Showers and thunderstorms are developing this afternoon in scattered areas across southern middle Tennessee and occasionally down into northwest Alabama. Not all of you will get rain today, but for those of you that do, it may be heavy at times. The clouds and showers are keeping temperatures down quite a bit today, with most of us either in the upper 70s to lower 80s, although Lawrenceburg's reading has gotten rain-cooled even further recently.
We continue to carefully monitor Tropical Storm Fred along the Gulf Coast. Fred is very close to making landfall this afternoon near Port St. Joe and Apalachicola, Florida. Fred's remnant circulation will then track up to near Atlanta before heading into the eastern Kentucky area. On this track, the heaviest rain, highest winds, and any type of tornado threat will be well off to our south and east.
In fact, Fred's track may actually help to reduce rain chances across the area locally for Tuesday and Wednesday from what they otherwise would be. Over the weekend, with a farther west track, we were beginning to get concerned that Fred's circulation would interact with the washed out frontal boundary near our area and enhance rain chances. Now, however, it looks like that happens off to our east. Fred's circulation may actually temporarily circulate drier air into the area, and along with the sinking motion found on the far outer edges of a tropical system, our showers and storms for Tuesday and Wednesday (while still out there) will probably be much more isolated. Higher rain chances come back Thursday, Friday, and Saturday though as we get back into deeper moisture and Fred's circulation gets out of the picture.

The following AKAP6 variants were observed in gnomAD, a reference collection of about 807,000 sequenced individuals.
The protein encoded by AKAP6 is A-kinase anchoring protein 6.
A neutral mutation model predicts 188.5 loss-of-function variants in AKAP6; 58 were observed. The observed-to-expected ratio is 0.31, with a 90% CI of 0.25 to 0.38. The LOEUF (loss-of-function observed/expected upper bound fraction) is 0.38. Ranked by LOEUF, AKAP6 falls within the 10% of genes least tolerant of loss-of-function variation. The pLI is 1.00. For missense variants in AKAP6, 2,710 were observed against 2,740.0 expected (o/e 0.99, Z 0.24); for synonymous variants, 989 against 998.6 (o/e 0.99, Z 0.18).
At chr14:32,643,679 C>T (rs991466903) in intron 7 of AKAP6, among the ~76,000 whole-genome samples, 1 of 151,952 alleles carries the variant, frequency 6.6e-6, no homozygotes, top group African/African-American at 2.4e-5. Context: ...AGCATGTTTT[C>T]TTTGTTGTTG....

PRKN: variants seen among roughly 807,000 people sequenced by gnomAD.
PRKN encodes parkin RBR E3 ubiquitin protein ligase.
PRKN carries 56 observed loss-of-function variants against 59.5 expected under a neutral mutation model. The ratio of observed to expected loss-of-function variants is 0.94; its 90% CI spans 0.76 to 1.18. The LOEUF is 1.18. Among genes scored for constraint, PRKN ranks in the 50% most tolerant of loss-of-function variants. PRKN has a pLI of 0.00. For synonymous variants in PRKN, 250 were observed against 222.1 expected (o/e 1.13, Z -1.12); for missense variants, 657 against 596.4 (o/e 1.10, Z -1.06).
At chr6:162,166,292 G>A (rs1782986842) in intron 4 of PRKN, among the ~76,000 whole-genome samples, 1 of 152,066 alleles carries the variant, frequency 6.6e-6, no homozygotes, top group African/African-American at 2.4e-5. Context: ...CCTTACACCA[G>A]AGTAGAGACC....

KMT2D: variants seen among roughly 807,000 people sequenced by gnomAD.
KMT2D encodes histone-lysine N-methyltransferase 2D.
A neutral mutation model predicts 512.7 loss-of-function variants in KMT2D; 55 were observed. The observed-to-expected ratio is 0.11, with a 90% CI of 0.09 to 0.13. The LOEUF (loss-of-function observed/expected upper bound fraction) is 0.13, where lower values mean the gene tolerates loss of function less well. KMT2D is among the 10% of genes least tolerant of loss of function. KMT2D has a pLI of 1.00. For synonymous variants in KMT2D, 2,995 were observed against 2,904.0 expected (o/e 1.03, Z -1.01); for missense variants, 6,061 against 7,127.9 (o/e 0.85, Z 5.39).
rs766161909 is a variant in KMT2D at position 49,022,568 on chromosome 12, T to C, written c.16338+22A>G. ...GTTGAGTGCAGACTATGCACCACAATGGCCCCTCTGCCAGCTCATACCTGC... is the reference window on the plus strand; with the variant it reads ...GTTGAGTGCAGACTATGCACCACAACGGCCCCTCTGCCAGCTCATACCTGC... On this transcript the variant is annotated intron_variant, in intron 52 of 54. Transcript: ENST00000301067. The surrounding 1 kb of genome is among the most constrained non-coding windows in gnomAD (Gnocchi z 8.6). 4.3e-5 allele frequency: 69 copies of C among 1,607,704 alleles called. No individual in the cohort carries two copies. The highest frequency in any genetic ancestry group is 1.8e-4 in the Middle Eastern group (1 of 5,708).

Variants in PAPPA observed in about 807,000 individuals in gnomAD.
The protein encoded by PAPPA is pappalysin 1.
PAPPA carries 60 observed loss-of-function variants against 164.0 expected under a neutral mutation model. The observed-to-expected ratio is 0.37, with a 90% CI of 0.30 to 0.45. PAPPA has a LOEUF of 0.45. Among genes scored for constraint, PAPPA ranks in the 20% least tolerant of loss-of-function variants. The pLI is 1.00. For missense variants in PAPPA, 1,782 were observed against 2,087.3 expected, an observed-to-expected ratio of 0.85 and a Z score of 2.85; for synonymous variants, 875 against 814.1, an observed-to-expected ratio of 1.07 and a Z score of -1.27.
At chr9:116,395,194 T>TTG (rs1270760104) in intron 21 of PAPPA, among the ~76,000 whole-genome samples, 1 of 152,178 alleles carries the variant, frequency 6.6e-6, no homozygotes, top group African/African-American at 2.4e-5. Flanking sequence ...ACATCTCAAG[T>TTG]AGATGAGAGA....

Meanwhile, we also have Tropical Depression Grace and Tropical Depression #8 (soon to be Tropical Storm Henri) on the board. The good news is that it looks like neither of these will affect the United States coastline. High pressure ridging is trending stronger in the wake of Fred, pushing Grace's track farther south. It now looks like Grace will track south of Cuba, toward the Yucatan Peninsula and eventually northern Mexico. T.D. #8 will track westward across the Atlantic through Thursday or so, but then hook back northeastward away from the United States in response to a disturbance embedded in the jet stream flow approaching from the west.